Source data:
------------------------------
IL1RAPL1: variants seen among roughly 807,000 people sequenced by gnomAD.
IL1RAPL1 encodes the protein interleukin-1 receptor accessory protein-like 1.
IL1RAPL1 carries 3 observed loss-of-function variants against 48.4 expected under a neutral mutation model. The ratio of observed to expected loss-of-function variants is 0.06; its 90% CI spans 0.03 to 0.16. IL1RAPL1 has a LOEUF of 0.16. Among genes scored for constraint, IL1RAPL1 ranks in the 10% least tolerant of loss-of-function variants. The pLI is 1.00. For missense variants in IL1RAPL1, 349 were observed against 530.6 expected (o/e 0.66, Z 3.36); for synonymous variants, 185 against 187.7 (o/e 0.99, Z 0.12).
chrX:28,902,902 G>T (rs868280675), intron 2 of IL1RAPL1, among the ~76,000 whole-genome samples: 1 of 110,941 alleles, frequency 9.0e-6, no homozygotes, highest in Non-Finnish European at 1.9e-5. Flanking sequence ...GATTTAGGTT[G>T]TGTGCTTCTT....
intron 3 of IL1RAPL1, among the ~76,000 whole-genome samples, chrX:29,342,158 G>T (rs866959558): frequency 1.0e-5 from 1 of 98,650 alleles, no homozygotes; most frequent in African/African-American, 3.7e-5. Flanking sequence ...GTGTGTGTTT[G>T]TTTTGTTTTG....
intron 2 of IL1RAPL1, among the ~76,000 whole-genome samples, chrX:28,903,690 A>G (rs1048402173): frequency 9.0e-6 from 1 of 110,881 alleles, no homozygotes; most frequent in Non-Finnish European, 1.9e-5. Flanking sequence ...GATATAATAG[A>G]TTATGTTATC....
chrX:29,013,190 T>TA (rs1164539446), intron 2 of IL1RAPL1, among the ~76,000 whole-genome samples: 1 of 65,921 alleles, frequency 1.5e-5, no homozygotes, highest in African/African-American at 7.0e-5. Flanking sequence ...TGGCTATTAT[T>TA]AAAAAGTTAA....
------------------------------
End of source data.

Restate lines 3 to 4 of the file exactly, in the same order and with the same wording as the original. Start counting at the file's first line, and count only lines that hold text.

IL1RAPL1 carries 3 observed loss-of-function variants against 48.4 expected under a neutral mutation model. The ratio of observed to expected loss-of-function variants is 0.06; its 90% CI spans 0.03 to 0.16. IL1RAPL1 has a LOEUF of 0.16. Among genes scored for constraint, IL1RAPL1 ranks in the 10% least tolerant of loss-of-function variants. The pLI is 1.00. For missense variants in IL1RAPL1, 349 were observed against 530.6 expected (o/e 0.66, Z 3.36); for synonymous variants, 185 against 187.7 (o/e 0.99, Z 0.12).
chrX:28,902,902 G>T (rs868280675), intron 2 of IL1RAPL1, among the ~76,000 whole-genome samples: 1 of 110,941 alleles, frequency 9.0e-6, no homozygotes, highest in Non-Finnish European at 1.9e-5. Flanking sequence ...GATTTAGGTT[G>T]TGTGCTTCTT....